Fatal Jaywalking Case: Raquel Nelson to be Retried

Raquel Nelson will receive a second chance to be acquitted of charges against her in a jaywalking accident that led to the death of her son. Nelson was originally found guilty by a grand jury and sentenced to a year of probation and 40 hours of community service. She requested for the judge to drop all of the charges against her, but the judge denied her request. Instead, he dropped the charge of reckless conduct and gave her the option to go to a retrial on the charges of jaywalking and vehicular homicide. According to the Atlanta Journal-Constitution, Nelson took the offer and is currently on trial, where she could either be acquitted of the charges or face up to three years in jail.

In an accident that occurred in April 2010, the 30-year-old Nelson got off a bus with her daughter and 4-year-old son and started to walk across the street with other bus passengers. Her son, A.J. Newman, then let go of her hand. Nelson ran into the street to grab him, and all three members of the family were hit by a van driven by Jerry Lee Guy. He did not stop and fled the scene of the crash, according to reports. When questioned later, Guy admitted to having a “little” alcohol before the crash, that he was on pain medication, and that he was partially blind in one eye. Additionally, Guy had reportedly been to jail twice before for hit-and-runs. Despite these circumstances, Guy pleaded guilty and served only a six-month prison sentence.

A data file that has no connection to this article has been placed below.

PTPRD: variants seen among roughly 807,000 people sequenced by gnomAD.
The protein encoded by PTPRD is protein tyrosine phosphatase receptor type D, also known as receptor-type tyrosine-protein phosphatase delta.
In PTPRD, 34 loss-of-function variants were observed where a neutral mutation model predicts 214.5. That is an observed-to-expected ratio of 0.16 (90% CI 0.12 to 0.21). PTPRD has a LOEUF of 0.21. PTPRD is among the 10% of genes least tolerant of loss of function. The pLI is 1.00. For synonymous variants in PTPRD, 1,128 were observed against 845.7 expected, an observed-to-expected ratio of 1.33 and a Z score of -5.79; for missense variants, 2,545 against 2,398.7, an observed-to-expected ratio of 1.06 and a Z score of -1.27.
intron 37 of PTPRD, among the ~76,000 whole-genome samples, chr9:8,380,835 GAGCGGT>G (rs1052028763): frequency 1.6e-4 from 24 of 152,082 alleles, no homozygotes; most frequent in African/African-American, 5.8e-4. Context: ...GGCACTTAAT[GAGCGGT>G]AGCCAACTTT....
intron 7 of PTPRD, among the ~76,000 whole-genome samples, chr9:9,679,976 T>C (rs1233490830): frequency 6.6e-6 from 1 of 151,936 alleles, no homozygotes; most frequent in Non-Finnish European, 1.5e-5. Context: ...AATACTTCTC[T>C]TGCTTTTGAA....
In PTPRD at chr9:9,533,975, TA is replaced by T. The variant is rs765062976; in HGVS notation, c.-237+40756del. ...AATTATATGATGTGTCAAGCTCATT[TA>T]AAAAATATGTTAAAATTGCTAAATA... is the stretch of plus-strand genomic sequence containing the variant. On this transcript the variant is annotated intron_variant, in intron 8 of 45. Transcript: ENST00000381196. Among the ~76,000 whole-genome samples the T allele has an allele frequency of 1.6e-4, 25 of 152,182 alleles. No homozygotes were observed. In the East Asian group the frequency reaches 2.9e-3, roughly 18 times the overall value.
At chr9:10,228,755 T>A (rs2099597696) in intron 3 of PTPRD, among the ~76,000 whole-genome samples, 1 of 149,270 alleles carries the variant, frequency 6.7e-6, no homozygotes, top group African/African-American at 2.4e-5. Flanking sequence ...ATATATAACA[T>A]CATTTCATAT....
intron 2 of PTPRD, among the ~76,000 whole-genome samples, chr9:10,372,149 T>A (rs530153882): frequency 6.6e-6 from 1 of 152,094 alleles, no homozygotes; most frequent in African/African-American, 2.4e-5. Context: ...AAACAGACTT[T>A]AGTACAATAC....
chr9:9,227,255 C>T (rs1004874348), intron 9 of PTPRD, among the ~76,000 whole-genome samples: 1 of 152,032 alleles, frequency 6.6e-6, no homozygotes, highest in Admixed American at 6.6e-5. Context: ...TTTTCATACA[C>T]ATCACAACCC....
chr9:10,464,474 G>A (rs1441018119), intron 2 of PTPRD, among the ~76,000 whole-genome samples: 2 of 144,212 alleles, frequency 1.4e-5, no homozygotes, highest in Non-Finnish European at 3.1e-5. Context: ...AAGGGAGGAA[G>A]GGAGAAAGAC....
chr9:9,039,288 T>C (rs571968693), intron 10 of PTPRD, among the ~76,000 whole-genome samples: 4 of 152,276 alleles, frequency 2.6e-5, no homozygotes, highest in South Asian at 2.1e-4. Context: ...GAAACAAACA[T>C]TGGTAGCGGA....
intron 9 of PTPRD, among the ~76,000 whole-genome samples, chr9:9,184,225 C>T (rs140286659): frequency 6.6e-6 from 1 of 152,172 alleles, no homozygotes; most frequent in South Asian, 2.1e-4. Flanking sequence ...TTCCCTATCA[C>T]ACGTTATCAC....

According to a report earlier this year by Washington-based Transportation for America (T4A), Georgia is cited as the tenth most dangerous state for pedestrians. Between 2000 and 2009, Georgia’s 1,545 pedestrian fatalities make up 9.8% of the total traffic fatalities in the state. Furthermore, the Atlanta-Sandy Springs-Marietta metro area holds the distinction as being the eleventh most dangerous metro area in the United States. In this area alone, 798 pedestrians were killed between 2000 and 2009, representing a death rate of 1.4% of all residents walking to work. In fact, Atlanta’s annual pedestrian fatalities actually increased in the last ten years, from a low of 71 in 2000 to a high of 94 in 2004 and a decade finish of 77 annual pedestrian deaths per year.

When an automobile collides with a pedestrian, it is often-times a result of the poor design or the state of streets, roads, and sidewalks, or the carelessness of the driver. If you or a loved one has been injured in a pedestrian accident, you may be eligible to receive compensation for your medical bills, lost wages, and pain and suffering. Contact a dedicated Atlanta pedestrian accident attorney to pursue legal recourse. Our team of attorneys can evaluate your claim with a free case review.

By Staff

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